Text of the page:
ALPHARETTA, Ga. (BP)–North American Mission Board President Robert E. Reccord said the agency “will continue to follow the Lord’s leadership in helping SBC churches start new churches and reach the continent for Christ” after a Baptist General Convention of Texas study committee released a recommendation to retain more than $1 million in NAMB funding.
NAMB trustees on May 9 unanimously approved a motion affirming Reccord’s leadership in all relationship between NAMB and Baptist state conventions as well as his response to the Texas funding situation.
“We fully support the firm stand he has taken regarding the recent Missions Sending Agency Study Committee report that will soon be presented to the Executive Board of the Baptist General Convention of Texas,” read the motion introduced by William G. Streich of Wichita Falls, Texas.
The trustees’ affirmation of Reccord came one day after the NAMB president responded to the BGCT’s missions study committee recommendation that the BGCT’s cooperative agreement with NAMB needs to be renegotiated.
The most obvious recommended change is to retain in Texas about $1.2 million in Cooperative Program money which would be returned to Texas by NAMB to pay for its part of cooperative missions endeavors agreed upon by the two entities.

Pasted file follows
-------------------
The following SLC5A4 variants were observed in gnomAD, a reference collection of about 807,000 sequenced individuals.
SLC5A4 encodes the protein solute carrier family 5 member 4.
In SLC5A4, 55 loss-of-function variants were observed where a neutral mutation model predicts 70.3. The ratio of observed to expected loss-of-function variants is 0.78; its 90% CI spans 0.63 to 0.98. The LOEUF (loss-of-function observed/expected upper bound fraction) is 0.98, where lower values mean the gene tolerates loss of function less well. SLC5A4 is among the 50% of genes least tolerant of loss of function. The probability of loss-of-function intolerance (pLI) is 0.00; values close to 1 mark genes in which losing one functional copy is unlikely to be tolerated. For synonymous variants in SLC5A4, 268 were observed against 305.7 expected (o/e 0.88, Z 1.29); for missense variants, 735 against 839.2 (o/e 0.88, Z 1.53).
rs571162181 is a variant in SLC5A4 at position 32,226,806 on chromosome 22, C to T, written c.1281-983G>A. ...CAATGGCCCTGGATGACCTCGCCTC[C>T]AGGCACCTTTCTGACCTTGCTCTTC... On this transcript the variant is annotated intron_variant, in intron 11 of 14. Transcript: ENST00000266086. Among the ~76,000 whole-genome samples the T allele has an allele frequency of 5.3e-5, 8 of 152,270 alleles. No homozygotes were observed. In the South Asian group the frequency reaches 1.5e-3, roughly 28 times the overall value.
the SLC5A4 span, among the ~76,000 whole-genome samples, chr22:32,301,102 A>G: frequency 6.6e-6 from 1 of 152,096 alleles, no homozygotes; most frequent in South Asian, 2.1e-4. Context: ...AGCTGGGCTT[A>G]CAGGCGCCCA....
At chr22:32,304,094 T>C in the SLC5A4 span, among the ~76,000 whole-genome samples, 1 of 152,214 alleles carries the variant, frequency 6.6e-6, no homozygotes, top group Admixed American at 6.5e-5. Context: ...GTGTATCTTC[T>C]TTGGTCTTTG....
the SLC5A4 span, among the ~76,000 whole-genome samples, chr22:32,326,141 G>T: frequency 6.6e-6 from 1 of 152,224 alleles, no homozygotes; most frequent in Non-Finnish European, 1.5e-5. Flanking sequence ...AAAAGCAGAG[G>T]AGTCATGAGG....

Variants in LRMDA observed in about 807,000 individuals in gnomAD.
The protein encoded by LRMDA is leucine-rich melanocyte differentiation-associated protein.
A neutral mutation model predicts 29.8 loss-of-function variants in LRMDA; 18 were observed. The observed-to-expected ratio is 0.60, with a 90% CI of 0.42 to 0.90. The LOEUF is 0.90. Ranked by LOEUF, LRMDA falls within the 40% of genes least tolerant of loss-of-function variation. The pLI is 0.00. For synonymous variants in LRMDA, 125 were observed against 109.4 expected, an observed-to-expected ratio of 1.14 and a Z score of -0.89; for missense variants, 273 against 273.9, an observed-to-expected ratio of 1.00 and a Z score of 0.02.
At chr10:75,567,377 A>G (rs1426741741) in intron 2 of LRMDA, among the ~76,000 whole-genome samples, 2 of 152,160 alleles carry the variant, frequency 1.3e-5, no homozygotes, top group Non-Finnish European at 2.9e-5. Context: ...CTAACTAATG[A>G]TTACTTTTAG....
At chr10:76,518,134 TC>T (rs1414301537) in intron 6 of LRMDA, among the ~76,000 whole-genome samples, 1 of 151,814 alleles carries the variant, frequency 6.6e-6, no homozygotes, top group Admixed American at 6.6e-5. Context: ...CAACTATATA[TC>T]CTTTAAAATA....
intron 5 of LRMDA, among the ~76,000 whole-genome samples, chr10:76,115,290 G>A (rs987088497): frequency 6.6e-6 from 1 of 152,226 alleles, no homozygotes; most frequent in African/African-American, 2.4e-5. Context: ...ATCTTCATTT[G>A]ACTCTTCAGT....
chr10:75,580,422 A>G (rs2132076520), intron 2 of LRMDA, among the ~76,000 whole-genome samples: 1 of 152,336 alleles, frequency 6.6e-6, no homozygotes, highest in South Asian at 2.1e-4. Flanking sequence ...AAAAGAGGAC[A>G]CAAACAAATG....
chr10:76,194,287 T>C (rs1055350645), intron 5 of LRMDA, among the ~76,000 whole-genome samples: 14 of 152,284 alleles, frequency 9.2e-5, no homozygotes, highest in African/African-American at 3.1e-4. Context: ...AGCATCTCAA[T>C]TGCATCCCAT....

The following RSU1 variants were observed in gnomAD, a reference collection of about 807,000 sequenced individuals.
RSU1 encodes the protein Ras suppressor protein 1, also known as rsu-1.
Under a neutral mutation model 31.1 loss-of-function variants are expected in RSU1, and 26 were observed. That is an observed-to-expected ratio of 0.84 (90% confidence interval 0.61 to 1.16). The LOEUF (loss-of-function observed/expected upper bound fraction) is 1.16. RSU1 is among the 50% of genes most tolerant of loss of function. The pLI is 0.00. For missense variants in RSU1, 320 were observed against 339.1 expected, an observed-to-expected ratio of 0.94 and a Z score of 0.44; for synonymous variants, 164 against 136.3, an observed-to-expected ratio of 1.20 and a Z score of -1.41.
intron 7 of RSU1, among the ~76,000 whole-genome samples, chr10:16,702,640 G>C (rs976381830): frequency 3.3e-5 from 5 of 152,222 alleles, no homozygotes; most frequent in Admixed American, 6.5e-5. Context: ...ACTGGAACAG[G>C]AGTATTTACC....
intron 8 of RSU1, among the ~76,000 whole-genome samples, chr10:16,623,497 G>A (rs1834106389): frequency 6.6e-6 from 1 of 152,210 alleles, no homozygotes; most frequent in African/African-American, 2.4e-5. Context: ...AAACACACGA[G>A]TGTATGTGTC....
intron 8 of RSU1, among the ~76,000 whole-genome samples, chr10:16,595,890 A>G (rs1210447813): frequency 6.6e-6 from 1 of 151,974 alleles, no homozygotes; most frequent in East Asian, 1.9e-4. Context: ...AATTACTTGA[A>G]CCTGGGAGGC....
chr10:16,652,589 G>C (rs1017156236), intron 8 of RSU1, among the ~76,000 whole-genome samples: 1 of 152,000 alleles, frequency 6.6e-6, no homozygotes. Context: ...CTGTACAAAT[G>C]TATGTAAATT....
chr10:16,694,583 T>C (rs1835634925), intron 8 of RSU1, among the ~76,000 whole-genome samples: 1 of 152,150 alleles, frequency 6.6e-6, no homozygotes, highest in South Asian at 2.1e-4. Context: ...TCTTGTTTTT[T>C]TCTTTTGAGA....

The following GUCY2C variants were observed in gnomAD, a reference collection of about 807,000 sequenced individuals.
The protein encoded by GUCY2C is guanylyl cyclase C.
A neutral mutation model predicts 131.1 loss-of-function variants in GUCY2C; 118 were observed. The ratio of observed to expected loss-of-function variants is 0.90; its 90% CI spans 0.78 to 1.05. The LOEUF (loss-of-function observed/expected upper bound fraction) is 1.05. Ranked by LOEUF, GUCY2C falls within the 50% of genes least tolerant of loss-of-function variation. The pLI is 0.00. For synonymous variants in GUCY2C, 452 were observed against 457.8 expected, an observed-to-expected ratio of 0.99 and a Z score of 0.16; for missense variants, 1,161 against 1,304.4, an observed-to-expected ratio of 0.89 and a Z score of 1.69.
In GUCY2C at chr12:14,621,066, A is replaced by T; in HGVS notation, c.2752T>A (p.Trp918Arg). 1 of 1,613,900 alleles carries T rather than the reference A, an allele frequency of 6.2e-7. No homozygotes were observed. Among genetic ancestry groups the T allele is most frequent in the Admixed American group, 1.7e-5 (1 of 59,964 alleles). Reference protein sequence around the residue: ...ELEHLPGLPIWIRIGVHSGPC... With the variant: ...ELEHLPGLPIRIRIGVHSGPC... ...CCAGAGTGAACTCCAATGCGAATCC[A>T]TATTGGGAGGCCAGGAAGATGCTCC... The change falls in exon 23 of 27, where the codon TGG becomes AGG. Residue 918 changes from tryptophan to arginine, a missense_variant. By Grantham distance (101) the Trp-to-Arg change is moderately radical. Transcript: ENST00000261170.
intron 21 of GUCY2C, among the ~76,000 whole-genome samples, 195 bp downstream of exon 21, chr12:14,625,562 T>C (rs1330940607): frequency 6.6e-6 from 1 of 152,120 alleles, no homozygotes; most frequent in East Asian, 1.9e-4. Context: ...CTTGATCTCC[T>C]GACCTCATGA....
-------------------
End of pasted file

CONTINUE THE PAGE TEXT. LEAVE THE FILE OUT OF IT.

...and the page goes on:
In its recommendation, the Texas committee stressed that the retention of funds was not a defunding of NAMB.
“It is essential to understand that this is not defunding but simply is administering more efficiently that portion of Texas funds, which would be returned to Texas under the current agreement,” committee members stated in the report.
Reccord called the study committee’s recommendation a misrepresentation.
“Their proposal to ‘retain’ over one million dollars of BGCT funds that would be apportioned back to Texas shows a misrepresentation of the nature of our partnership because the funds NAMB invests in Texas through the BGCT are not gifts that originated in Texas,” Reccord said. “They are missions funds from every Southern Baptist church in every state convention in a cooperative effort to reach the lost in Texas.
“NAMB has not moved from the processes and positions historically honored by our predecessor, the Home Mission Board, or for the last four years, by our own agency,” Reccord added. “While the report addresses a perceived lack of a cooperative agreement between NAMB and the BGCT, the reality is that NAMB and all state conventions and fellowships have continued to work under the pre-existing agreements. The process to restructure those agreements with our state partners has already begun.”
The committee was chaired by Jim Denison, pastor of Park Cities Baptist Church in Dallas. The church maintains a dual affiliation with the SBC and the Cooperative Baptist Fellowship, a group that broke away from the SBC nearly 10 years ago.
The subcommittee that studied the NAMB issues was chaired by Ophelia Humphrey, a member of the First Baptist Church of Amarillo, Texas, another church maintaining a dual affiliation with the SBC and the Cooperative Baptist Fellowship.
The committee’s recommendations will be considered by the BGCT’s executive board on May 22. If approved, the recommendations will become policy.